Study suggests route to improving rechargeable lithium batteries

July 13, 2017

Most of today’s lithium-ion batteries, which power everything from cars to phones, use a liquid as the electrolyte between two electrodes. Using a solid electrolyte instead could offer major advantages for both safety and energy storage capacity, but attempts to do this have faced unexpected challenges.

Researchers now report that the problem may be an incorrect interpretation of how such batteries fail. The new findings, which could open new avenues for developing lithium batteries with solid electrolytes, are reported in the journal Advanced Energy Materials, in a paper by Yet-Ming Chiang, the Kyocera Professor of Ceramics at MIT; W. Craig Carter, the POSCO Professor of Materials Science and Engineering at MIT; and eight others.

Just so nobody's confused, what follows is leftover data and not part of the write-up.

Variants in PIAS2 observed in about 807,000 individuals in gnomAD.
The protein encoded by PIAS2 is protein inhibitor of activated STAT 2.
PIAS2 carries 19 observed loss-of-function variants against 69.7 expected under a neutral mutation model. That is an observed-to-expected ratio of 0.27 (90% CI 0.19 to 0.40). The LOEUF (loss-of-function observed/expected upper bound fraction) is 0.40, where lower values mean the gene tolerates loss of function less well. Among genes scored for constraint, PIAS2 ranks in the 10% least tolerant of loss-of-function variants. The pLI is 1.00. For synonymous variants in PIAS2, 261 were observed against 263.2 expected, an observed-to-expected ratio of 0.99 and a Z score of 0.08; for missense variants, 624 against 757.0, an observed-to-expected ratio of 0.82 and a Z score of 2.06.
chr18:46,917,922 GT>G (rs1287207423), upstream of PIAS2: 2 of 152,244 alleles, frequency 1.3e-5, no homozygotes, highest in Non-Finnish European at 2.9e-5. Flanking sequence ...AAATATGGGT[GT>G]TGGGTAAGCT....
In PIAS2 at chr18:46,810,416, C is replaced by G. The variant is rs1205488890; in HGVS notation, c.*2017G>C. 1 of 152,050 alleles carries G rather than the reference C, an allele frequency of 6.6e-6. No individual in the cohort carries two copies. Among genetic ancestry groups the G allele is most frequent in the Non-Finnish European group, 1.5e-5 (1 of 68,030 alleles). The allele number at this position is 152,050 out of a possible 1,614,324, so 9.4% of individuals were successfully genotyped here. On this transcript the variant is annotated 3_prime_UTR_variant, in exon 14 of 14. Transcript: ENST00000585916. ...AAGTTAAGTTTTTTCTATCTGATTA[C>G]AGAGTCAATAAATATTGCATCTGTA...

New research suggests that achieving smoother surfaces on a solid electrolyte could eliminate or greatly reduce the problem of dendrite formation.  Courtesy of the researcher

Read the full article here!

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